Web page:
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Mobile Genetic Elements in Vancomycin-Resistant Enterococcus faecium Population

By Gastón Delpech, Leonardo García Allende and Mónica Sparo

Submitted: April 4th 2019Reviewed: July 3rd 2019Published: August 12th 2019

DOI: 10.5772/intechopen.88389

Downloaded: 223


Horizontal gene transfer constitutes a key driving force in bacterial evolution. The ability to acquire mobile genetic elements encoding antimicrobial resistance has contributed to the emergence of Enterococcus faecium as one of the main human nosocomial opportunistic pathogens. The deep analysis of the vancomycin-resistant E. faecium (VREfm) population’s mobilome, as the architecture and evolution of the core genome enables to observe VREfm plasticity and power of adaptation in animals, plants, environment and food. The persistence of VREfm is facilitated by the exchange of plasmids, phages and conjugative transposons that have allowed them to achieve a rapid adaptation to changes in environmental conditions. They can acquire resistance determinants from several species and transfer resistance genes to other potentially pathogenic bacteria such as methicillin-resistant Staphylococcus aureus strains.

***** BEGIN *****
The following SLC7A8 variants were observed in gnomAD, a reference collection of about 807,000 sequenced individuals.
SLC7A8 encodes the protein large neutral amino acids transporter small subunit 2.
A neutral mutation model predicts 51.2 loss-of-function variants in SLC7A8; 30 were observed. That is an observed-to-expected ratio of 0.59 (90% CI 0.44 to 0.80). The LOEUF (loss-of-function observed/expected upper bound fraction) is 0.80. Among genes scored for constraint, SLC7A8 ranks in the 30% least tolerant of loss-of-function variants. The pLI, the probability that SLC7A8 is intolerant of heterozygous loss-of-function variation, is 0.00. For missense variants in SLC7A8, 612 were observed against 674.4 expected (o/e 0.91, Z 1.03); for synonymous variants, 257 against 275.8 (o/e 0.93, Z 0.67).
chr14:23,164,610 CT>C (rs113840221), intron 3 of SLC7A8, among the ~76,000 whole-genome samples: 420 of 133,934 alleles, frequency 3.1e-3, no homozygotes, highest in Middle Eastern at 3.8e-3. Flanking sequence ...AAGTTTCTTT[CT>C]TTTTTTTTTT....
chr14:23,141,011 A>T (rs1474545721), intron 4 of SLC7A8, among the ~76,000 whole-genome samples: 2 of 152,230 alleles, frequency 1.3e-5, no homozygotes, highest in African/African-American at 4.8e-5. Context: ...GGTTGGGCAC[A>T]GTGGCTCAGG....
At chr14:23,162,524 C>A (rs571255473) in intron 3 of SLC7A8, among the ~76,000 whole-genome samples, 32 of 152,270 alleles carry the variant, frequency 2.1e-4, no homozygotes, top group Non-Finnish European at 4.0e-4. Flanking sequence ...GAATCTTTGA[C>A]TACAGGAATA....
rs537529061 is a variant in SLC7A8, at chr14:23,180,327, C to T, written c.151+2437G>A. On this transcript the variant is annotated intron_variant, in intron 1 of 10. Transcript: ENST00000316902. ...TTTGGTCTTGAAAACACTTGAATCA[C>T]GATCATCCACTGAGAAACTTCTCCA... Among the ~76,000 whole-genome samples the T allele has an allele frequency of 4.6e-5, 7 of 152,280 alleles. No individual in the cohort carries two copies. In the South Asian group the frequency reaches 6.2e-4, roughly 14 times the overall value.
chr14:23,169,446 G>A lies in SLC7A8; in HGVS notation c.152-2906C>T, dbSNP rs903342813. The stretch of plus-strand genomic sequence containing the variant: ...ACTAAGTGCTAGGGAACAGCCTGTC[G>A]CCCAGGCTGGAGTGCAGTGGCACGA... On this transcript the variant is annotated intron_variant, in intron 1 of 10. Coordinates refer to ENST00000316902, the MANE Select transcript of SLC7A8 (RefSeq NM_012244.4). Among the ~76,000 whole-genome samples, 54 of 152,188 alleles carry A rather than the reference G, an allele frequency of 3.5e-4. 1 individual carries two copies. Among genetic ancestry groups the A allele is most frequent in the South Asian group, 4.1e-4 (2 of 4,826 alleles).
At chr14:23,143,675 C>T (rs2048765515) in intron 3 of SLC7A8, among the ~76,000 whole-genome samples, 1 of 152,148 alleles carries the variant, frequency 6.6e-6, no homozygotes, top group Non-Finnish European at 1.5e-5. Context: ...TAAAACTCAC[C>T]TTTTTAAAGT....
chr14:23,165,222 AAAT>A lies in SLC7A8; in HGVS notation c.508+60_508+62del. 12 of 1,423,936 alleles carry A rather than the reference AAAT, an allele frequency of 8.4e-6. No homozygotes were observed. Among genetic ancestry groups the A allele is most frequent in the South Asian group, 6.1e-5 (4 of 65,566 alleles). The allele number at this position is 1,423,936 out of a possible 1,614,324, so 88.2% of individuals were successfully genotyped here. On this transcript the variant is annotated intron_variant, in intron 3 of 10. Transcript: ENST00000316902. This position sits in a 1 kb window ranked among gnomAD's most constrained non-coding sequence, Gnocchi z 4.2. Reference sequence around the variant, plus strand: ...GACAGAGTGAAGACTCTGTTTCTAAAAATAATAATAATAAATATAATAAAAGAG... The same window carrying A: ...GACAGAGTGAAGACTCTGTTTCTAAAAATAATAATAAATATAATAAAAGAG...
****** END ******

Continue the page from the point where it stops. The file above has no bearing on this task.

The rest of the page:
• E. faecium
  • vancomycin
  • resistance
  • mobile genetic elements

1. Introduction

Enterococcus faecium is a main bacterial agent of healthcare-associated infections in immunocompromised as well as severely ill patients, with a worldwide distribution [1, 2].

In 1988, vancomycin-resistant E. faecium (VREfm) was reported for the first time. Along the 1990s, a fast increase of infectious diseases due to this bacterium was detected in the United Kingdom hospitals, linking its emergence with the employment of the glycopeptide avoparcin in animal husbandry for food industry. In addition, at U.S hospitals it was observed the emergence of VREfm, but with not proved association to the use of avoparcin in animals [3, 4, 5].

The World Health Organization’s global priority pathogens list of antibiotic-resistant bacteria has categorized VREfm as of high priority. For infectious diseases produced by VREfm, it has been reported that the therapeutic options are more limited, altogether with higher mortality rates and financial costs for the Health system when compared with vancomycin-susceptible enterococci [6, 7].